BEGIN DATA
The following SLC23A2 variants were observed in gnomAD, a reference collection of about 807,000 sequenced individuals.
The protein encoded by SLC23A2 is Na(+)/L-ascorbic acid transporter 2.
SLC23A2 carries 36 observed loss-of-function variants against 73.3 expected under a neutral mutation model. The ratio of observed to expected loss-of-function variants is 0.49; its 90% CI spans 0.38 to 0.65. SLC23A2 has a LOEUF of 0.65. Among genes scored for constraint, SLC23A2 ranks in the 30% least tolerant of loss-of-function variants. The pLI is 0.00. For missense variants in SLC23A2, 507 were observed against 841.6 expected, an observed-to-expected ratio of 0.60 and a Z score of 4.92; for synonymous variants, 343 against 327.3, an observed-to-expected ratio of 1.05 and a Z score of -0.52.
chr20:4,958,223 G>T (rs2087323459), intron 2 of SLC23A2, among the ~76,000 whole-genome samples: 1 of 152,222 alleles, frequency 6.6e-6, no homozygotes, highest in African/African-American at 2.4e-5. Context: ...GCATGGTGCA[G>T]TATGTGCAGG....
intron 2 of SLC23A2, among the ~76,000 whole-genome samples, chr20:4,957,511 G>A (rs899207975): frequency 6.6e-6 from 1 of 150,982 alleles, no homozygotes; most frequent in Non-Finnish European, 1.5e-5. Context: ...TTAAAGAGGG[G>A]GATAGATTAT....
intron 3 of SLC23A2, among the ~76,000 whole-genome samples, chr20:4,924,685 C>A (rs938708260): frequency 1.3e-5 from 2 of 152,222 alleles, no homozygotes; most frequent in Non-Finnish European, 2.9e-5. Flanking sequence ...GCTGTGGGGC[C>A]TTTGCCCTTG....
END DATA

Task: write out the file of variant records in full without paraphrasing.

The following SLC23A2 variants were observed in gnomAD, a reference collection of about 807,000 sequenced individuals.
The protein encoded by SLC23A2 is Na(+)/L-ascorbic acid transporter 2.
SLC23A2 carries 36 observed loss-of-function variants against 73.3 expected under a neutral mutation model. The ratio of observed to expected loss-of-function variants is 0.49; its 90% CI spans 0.38 to 0.65. SLC23A2 has a LOEUF of 0.65. Among genes scored for constraint, SLC23A2 ranks in the 30% least tolerant of loss-of-function variants. The pLI is 0.00. For missense variants in SLC23A2, 507 were observed against 841.6 expected, an observed-to-expected ratio of 0.60 and a Z score of 4.92; for synonymous variants, 343 against 327.3, an observed-to-expected ratio of 1.05 and a Z score of -0.52.
chr20:4,958,223 G>T (rs2087323459), intron 2 of SLC23A2, among the ~76,000 whole-genome samples: 1 of 152,222 alleles, frequency 6.6e-6, no homozygotes, highest in African/African-American at 2.4e-5. Context: ...GCATGGTGCA[G>T]TATGTGCAGG....
intron 2 of SLC23A2, among the ~76,000 whole-genome samples, chr20:4,957,511 G>A (rs899207975): frequency 6.6e-6 from 1 of 150,982 alleles, no homozygotes; most frequent in Non-Finnish European, 1.5e-5. Context: ...TTAAAGAGGG[G>A]GATAGATTAT....
intron 3 of SLC23A2, among the ~76,000 whole-genome samples, chr20:4,924,685 C>A (rs938708260): frequency 1.3e-5 from 2 of 152,222 alleles, no homozygotes; most frequent in Non-Finnish European, 2.9e-5. Flanking sequence ...GCTGTGGGGC[C>A]TTTGCCCTTG....